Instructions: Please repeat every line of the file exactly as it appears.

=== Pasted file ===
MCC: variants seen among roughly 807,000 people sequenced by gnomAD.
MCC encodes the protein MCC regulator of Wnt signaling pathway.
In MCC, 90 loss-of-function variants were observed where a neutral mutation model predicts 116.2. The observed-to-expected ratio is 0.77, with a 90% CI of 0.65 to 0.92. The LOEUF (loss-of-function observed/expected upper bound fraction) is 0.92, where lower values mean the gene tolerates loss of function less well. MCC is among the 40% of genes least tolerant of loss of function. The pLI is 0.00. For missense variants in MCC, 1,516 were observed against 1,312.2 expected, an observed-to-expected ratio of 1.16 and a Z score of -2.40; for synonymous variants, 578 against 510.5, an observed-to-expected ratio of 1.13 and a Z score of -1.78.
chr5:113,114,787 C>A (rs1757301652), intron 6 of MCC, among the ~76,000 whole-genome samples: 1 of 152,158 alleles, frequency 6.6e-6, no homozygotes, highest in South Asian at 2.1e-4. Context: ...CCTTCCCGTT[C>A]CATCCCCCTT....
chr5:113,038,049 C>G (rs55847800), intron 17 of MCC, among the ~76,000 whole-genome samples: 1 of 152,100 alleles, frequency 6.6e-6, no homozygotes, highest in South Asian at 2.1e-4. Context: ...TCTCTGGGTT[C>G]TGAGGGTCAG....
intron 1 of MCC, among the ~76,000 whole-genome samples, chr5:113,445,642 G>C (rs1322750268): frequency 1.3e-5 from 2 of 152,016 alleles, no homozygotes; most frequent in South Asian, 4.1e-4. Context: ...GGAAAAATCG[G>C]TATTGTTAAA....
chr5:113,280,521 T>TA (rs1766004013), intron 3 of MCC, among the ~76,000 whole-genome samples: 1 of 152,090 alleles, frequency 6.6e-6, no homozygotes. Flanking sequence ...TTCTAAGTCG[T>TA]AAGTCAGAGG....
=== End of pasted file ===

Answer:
MCC: variants seen among roughly 807,000 people sequenced by gnomAD.
MCC encodes the protein MCC regulator of Wnt signaling pathway.
In MCC, 90 loss-of-function variants were observed where a neutral mutation model predicts 116.2. The observed-to-expected ratio is 0.77, with a 90% CI of 0.65 to 0.92. The LOEUF (loss-of-function observed/expected upper bound fraction) is 0.92, where lower values mean the gene tolerates loss of function less well. MCC is among the 40% of genes least tolerant of loss of function. The pLI is 0.00. For missense variants in MCC, 1,516 were observed against 1,312.2 expected, an observed-to-expected ratio of 1.16 and a Z score of -2.40; for synonymous variants, 578 against 510.5, an observed-to-expected ratio of 1.13 and a Z score of -1.78.
chr5:113,114,787 C>A (rs1757301652), intron 6 of MCC, among the ~76,000 whole-genome samples: 1 of 152,158 alleles, frequency 6.6e-6, no homozygotes, highest in South Asian at 2.1e-4. Context: ...CCTTCCCGTT[C>A]CATCCCCCTT....
chr5:113,038,049 C>G (rs55847800), intron 17 of MCC, among the ~76,000 whole-genome samples: 1 of 152,100 alleles, frequency 6.6e-6, no homozygotes, highest in South Asian at 2.1e-4. Context: ...TCTCTGGGTT[C>G]TGAGGGTCAG....
intron 1 of MCC, among the ~76,000 whole-genome samples, chr5:113,445,642 G>C (rs1322750268): frequency 1.3e-5 from 2 of 152,016 alleles, no homozygotes; most frequent in South Asian, 4.1e-4. Context: ...GGAAAAATCG[G>C]TATTGTTAAA....
chr5:113,280,521 T>TA (rs1766004013), intron 3 of MCC, among the ~76,000 whole-genome samples: 1 of 152,090 alleles, frequency 6.6e-6, no homozygotes. Flanking sequence ...TTCTAAGTCG[T>TA]AAGTCAGAGG....